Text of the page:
Two weeks ago, we hooked our very cool 1974 Classic caravan to the back of the station wagon and hit the road. We’ve stopped off at a couple of places on the East Coast of the North Island of New Zealand and we’re planning to stop off at a couple more. First stop was two nights in Napier, then a mammoth drive to Hicks Bay, where my children’s father is from. Now we’re in Opotiki, in a campsite right on the beach.
I sit with the fan at full blast in the van writing this, too sunburnt to play outside, thoroughly grateful for the kids from the tent next door occupying mine in a game of catch. I am eating banana chips and drinking orange juice. I find myself homesick – which is ironic considering I’ve finally made the decision to move when we get back. But after camping for this long, I know that I’ll return to normalcy with a new appreciation for my dishwasher, my telly and, most significantly, my bed (Bed, I love you, Bed.) However, I’m jumping ahead. I’ll begin at the beginning, like a good story-teller should.
‘Becca,’ said my mate. ‘You need to go bush for a couple of weeks.’
I’d been lamenting about the imminent destruction of the human race due to climate change. It’s my latest obsession.
‘Connect with nature,’ he said. ‘Get so lonely that you can’t bear it and then come out on the other side.’
‘I often do that just sitting on my sofa,’ I said. He looked at me as if I was missing the point, but I’d gotten his drift despite my usual flippancy.
I grew up going to fancy-pants restaurants and fancy-pants hotels and living in fancy-pants house. I have ‘roughed it’ during trips to South America and Asia back-packing with my first intrepid husband, but I found it hard going – fun, character-building, but hard. I couldn’t ‘go bush’ on my own; embarrassingly but honestly, I am too much Princess Barbie and not enough Crocodile Dundee. I’d last a few hours without the guidance of someone who knew what they were doing, with my daughters even less. Camping in a retro caravan is as close as I’m ever going to get to ‘going bush’, and it’s not bush at all, but it is doing for me all that my mate was pushing me toward: getting things into perspective, getting to grips with the physicality of the basics of life, and getting pretty lonely in the process.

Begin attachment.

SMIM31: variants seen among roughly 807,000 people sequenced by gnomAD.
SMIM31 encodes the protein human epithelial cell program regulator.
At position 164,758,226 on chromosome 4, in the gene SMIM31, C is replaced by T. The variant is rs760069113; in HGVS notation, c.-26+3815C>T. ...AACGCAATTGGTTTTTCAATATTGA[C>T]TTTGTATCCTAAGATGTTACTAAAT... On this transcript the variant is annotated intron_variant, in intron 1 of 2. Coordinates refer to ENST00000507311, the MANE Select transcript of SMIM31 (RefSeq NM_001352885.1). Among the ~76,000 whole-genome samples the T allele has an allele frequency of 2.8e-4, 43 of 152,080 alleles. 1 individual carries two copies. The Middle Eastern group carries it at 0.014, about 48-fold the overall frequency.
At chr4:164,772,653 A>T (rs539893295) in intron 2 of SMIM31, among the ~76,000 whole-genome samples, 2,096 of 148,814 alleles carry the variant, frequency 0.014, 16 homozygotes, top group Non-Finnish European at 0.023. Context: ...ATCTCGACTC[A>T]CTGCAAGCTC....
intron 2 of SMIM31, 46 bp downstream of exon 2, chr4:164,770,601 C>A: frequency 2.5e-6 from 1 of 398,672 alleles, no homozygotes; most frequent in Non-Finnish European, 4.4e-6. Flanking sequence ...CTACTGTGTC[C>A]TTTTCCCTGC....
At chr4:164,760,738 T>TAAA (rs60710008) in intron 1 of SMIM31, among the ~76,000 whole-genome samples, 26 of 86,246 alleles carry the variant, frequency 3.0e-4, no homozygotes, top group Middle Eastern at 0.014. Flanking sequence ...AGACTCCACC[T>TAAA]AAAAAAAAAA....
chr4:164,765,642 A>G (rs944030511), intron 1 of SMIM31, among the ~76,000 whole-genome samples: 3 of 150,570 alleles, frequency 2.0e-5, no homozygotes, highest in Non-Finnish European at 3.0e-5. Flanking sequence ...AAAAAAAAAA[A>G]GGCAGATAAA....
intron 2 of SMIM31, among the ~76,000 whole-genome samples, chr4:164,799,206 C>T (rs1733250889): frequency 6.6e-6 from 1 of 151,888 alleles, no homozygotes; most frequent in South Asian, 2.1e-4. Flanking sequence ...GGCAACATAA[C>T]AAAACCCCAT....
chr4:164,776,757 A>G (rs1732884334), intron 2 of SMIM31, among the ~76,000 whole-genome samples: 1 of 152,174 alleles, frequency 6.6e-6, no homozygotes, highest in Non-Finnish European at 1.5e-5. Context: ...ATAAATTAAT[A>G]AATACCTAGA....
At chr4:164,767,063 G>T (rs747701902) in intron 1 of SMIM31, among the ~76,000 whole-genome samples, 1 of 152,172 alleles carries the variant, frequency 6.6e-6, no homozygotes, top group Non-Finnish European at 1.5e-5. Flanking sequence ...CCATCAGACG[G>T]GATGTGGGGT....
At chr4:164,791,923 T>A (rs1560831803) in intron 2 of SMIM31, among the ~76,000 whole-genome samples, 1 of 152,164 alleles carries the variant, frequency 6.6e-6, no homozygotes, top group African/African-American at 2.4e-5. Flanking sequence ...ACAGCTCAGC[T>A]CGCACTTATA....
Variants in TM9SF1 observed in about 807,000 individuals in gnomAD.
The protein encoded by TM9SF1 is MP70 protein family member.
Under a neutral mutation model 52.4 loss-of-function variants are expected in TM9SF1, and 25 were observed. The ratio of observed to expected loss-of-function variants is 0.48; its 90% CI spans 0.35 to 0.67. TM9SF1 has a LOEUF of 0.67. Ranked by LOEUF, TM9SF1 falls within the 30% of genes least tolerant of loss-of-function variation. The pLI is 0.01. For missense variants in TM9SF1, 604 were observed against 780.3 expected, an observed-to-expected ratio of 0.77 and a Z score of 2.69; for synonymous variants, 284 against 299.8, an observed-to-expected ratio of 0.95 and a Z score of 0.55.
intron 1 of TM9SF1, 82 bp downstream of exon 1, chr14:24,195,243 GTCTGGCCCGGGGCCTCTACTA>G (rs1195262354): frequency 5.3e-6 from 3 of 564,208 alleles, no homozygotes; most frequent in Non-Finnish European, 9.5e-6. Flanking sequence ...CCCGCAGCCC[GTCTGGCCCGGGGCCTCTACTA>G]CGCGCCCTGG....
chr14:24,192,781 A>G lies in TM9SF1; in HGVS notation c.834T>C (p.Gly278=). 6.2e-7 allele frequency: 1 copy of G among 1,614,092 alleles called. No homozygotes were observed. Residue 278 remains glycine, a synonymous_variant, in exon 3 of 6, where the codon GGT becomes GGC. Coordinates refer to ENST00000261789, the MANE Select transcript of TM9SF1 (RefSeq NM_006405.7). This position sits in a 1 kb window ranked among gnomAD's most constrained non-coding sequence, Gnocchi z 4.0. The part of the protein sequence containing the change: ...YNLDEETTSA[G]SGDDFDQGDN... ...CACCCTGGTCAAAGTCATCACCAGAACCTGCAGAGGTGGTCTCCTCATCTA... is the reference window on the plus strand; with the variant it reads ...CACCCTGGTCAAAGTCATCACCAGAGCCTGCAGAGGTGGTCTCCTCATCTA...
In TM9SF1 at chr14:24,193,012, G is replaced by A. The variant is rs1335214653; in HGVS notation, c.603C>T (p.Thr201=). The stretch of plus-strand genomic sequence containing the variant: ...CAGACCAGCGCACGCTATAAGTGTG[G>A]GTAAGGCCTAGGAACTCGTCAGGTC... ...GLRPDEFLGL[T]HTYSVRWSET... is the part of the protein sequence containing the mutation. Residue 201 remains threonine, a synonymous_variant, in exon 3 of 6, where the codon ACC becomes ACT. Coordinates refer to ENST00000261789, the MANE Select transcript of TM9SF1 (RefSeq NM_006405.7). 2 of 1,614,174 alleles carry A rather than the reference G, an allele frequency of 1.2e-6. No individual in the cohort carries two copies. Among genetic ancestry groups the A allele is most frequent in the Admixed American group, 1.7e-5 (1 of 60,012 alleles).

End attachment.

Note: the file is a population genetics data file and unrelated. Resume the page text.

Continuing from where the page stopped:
We are, in truth, having a fabulous holiday. It strikes me how important a holiday is, nearly four years since my last. The physical changes we’re experiencing echo our mental changes. The changes in our relationships are an indication of new relationships with ourselves. Getting away from home and stepping outside your comfort zone and most importantly, going with it, not fighting it, is simply essential. That’s what my mate was trying to say to me.
I can’t blog about the whole journey at once. There are stages – different camps and different roads travelled. The landscape of New Zealand is rich and diverse and it changes dramatically in what seem like very few miles. Seeing this country again has reminded me why I fell in love with NZ in the first place. Feels good, like confirmation that I’m exactly where I should be in the world. I digress.
As I was saying, I can’t blog about the whole journey all at once, so I’ll post in installments, this being the first…